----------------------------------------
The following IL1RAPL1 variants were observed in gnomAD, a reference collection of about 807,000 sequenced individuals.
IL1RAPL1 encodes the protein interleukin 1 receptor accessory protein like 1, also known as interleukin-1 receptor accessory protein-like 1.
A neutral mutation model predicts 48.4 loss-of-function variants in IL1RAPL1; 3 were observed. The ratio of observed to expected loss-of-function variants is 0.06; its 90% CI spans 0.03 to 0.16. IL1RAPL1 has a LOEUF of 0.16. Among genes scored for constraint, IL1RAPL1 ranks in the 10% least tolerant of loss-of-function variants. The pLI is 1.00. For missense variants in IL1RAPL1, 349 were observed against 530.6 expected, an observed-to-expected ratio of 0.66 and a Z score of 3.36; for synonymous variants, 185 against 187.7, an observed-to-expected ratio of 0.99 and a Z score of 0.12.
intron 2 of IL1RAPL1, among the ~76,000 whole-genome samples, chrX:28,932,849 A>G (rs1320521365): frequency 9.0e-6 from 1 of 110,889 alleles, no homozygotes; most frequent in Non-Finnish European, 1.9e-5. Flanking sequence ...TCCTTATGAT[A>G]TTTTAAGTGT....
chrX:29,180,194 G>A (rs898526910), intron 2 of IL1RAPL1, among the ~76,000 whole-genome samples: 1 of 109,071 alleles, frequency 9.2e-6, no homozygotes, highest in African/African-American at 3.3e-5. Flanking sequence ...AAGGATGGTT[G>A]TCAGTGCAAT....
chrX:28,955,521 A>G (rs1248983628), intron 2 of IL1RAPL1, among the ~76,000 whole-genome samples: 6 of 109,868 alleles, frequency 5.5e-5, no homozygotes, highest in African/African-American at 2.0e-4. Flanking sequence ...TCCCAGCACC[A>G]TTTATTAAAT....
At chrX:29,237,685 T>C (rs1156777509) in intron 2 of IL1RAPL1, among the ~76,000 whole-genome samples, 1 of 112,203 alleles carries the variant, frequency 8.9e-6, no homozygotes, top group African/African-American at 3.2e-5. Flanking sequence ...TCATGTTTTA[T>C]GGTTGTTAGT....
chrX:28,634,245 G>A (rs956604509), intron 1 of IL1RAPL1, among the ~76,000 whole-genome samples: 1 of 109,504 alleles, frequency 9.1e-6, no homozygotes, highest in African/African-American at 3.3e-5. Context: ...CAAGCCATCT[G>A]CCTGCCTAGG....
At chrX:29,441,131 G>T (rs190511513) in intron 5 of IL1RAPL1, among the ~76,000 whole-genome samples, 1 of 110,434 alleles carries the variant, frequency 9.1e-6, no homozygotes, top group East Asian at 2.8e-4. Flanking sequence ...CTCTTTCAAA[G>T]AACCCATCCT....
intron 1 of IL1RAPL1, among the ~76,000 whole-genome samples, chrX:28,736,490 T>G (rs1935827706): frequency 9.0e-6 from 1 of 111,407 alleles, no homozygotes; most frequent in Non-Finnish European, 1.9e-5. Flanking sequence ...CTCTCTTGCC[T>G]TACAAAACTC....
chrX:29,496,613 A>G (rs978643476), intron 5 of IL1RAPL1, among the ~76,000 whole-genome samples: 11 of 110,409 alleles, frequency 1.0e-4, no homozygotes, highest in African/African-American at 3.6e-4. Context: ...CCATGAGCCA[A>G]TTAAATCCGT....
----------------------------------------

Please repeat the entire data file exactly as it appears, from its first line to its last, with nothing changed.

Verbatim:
The following IL1RAPL1 variants were observed in gnomAD, a reference collection of about 807,000 sequenced individuals.
IL1RAPL1 encodes the protein interleukin 1 receptor accessory protein like 1, also known as interleukin-1 receptor accessory protein-like 1.
A neutral mutation model predicts 48.4 loss-of-function variants in IL1RAPL1; 3 were observed. The ratio of observed to expected loss-of-function variants is 0.06; its 90% CI spans 0.03 to 0.16. IL1RAPL1 has a LOEUF of 0.16. Among genes scored for constraint, IL1RAPL1 ranks in the 10% least tolerant of loss-of-function variants. The pLI is 1.00. For missense variants in IL1RAPL1, 349 were observed against 530.6 expected, an observed-to-expected ratio of 0.66 and a Z score of 3.36; for synonymous variants, 185 against 187.7, an observed-to-expected ratio of 0.99 and a Z score of 0.12.
intron 2 of IL1RAPL1, among the ~76,000 whole-genome samples, chrX:28,932,849 A>G (rs1320521365): frequency 9.0e-6 from 1 of 110,889 alleles, no homozygotes; most frequent in Non-Finnish European, 1.9e-5. Flanking sequence ...TCCTTATGAT[A>G]TTTTAAGTGT....
chrX:29,180,194 G>A (rs898526910), intron 2 of IL1RAPL1, among the ~76,000 whole-genome samples: 1 of 109,071 alleles, frequency 9.2e-6, no homozygotes, highest in African/African-American at 3.3e-5. Flanking sequence ...AAGGATGGTT[G>A]TCAGTGCAAT....
chrX:28,955,521 A>G (rs1248983628), intron 2 of IL1RAPL1, among the ~76,000 whole-genome samples: 6 of 109,868 alleles, frequency 5.5e-5, no homozygotes, highest in African/African-American at 2.0e-4. Flanking sequence ...TCCCAGCACC[A>G]TTTATTAAAT....
At chrX:29,237,685 T>C (rs1156777509) in intron 2 of IL1RAPL1, among the ~76,000 whole-genome samples, 1 of 112,203 alleles carries the variant, frequency 8.9e-6, no homozygotes, top group African/African-American at 3.2e-5. Flanking sequence ...TCATGTTTTA[T>C]GGTTGTTAGT....
chrX:28,634,245 G>A (rs956604509), intron 1 of IL1RAPL1, among the ~76,000 whole-genome samples: 1 of 109,504 alleles, frequency 9.1e-6, no homozygotes, highest in African/African-American at 3.3e-5. Context: ...CAAGCCATCT[G>A]CCTGCCTAGG....
At chrX:29,441,131 G>T (rs190511513) in intron 5 of IL1RAPL1, among the ~76,000 whole-genome samples, 1 of 110,434 alleles carries the variant, frequency 9.1e-6, no homozygotes, top group East Asian at 2.8e-4. Flanking sequence ...CTCTTTCAAA[G>T]AACCCATCCT....
intron 1 of IL1RAPL1, among the ~76,000 whole-genome samples, chrX:28,736,490 T>G (rs1935827706): frequency 9.0e-6 from 1 of 111,407 alleles, no homozygotes; most frequent in Non-Finnish European, 1.9e-5. Flanking sequence ...CTCTCTTGCC[T>G]TACAAAACTC....
chrX:29,496,613 A>G (rs978643476), intron 5 of IL1RAPL1, among the ~76,000 whole-genome samples: 11 of 110,409 alleles, frequency 1.0e-4, no homozygotes, highest in African/African-American at 3.6e-4. Context: ...CCATGAGCCA[A>G]TTAAATCCGT....